3141 shift(@a) splice(@a,0,1)
3142 unshift(@a,$x,$y) splice(@a,0,0,$x,$y)
3143 $a[$x] = $y splice(@a,$x,1,$y);
3144
3145Example, assuming array lengths are passed before arrays:
3146
3147 sub aeq { # compare two list values
3148 local(@a) = splice(@_,0,shift);
3149 local(@b) = splice(@_,0,shift);
3150 return 0 unless @a == @b; # same len?
3151 while (@a) {
3152 return 0 if pop(@a) ne pop(@b);
3153 }
3154 return 1;
3155 }
3156 if (&aeq($len,@foo[1..$len],0+@bar,@bar)) { ... }
3157
3158=item split /PATTERN/,EXPR,LIMIT
3159
3160=item split /PATTERN/,EXPR
3161
3162=item split /PATTERN/
3163
3164=item split
3165
3166Splits a string into an array of strings, and returns it.
3167
3168If not in a list context, returns the number of fields found and splits into
3169the @_ array. (In a list context, you can force the split into @_ by
3170using C<??> as the pattern delimiters, but it still returns the array
3171value.) The use of implicit split to @_ is deprecated, however.
3172
3173If EXPR is omitted, splits the $_ string. If PATTERN is also omitted,
4633a7c4
LW
3174splits on whitespace (after skipping any leading whitespace). Anything
3175matching PATTERN is taken to be a delimiter separating the fields. (Note
fb73857a 3176that the delimiter may be longer than one character.)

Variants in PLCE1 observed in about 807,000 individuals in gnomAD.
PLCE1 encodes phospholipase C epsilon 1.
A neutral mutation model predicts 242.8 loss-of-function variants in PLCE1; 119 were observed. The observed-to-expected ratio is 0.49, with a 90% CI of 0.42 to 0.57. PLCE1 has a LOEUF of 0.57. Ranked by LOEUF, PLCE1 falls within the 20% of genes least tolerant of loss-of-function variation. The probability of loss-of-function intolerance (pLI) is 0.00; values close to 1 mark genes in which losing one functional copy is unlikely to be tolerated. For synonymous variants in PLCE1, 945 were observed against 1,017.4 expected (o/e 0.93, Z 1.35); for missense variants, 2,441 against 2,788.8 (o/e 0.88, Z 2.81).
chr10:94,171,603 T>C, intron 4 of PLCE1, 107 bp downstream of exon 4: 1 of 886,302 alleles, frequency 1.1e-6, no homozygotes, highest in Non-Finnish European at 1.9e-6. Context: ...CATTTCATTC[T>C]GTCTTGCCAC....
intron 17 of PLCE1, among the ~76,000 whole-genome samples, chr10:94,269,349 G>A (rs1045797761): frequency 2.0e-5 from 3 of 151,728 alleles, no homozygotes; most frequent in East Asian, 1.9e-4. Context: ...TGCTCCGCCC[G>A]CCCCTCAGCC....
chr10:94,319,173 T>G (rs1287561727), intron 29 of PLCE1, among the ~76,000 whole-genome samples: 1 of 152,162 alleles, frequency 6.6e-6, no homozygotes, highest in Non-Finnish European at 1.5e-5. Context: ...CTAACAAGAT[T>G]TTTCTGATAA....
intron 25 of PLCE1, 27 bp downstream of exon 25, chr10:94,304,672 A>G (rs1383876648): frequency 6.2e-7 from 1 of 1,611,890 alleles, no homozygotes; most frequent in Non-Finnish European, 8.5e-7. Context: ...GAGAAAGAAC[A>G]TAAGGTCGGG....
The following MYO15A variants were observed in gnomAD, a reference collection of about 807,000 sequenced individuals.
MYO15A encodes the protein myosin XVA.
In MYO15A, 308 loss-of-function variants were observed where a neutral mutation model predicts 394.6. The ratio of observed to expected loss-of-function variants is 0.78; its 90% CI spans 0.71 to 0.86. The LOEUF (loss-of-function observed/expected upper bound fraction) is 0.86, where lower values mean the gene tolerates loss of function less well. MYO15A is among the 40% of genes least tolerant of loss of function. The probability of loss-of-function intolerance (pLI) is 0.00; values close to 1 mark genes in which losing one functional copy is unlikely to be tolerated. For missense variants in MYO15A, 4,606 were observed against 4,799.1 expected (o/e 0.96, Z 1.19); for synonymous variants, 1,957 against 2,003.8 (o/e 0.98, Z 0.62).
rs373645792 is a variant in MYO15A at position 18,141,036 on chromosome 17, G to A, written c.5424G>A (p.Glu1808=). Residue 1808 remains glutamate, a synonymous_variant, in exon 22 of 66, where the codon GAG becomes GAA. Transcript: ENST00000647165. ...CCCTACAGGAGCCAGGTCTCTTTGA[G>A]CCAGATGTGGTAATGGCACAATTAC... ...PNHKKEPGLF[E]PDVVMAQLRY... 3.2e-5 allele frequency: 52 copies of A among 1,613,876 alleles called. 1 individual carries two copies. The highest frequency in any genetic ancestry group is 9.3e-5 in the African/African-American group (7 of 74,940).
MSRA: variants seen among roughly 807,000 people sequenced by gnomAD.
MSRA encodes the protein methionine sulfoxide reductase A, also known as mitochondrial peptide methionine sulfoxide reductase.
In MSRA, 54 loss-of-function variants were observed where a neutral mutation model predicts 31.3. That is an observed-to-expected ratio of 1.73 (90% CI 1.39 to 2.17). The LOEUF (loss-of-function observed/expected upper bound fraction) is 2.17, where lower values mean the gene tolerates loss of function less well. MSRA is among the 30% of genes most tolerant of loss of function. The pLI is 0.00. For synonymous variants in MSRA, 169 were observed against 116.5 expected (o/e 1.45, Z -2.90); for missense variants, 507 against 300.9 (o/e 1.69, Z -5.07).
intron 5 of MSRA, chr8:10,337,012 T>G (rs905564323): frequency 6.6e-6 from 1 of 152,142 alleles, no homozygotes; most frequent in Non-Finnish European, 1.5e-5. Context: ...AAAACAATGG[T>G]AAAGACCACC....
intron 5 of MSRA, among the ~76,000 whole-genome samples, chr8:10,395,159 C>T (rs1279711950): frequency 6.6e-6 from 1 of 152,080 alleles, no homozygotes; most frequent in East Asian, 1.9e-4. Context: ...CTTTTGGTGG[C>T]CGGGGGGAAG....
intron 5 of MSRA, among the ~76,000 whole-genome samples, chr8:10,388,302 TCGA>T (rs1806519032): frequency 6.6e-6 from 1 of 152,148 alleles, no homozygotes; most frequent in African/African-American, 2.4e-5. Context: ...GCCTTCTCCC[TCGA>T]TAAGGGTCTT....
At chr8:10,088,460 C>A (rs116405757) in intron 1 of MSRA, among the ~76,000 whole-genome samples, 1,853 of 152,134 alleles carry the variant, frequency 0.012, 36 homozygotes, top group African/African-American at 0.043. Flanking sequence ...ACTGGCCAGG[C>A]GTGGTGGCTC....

3177
7b8d334a
GS
3178If LIMIT is specified and is positive, splits into no more than that
3179many fields (though it may split into fewer). If LIMIT is unspecified
3180or zero, trailing null fields are stripped (which potential users
fb73857a 3181of pop() would do well to remember). If LIMIT is negative, it is
3182treated as if an arbitrarily large LIMIT had been specified.
a0d0e21e
LW
3183
3184A pattern matching the null string (not to be confused with
748a9306 3185a null pattern C<//>, which is just one member of the set of patterns
a0d0e21e
LW
3186matching a null string) will split the value of EXPR into separate
3187characters at each point it matches that way. For example:
3188
3189 print join(':', split(/ */, 'hi there'));
3190
3191produces the output 'h:i:t:h:e:r:e'.
3192
5f05dabc 3193The LIMIT parameter can be used to split a line partially
a0d0e21e
LW
3194
3195 ($login, $passwd, $remainder) = split(/:/, $_, 3);
3196
3197When assigning to a list, if LIMIT is omitted, Perl supplies a LIMIT
3198one larger than the number of variables in the list, to avoid
3199unnecessary work. For the list above LIMIT would have been 4 by
3200default. In time critical applications it behooves you not to split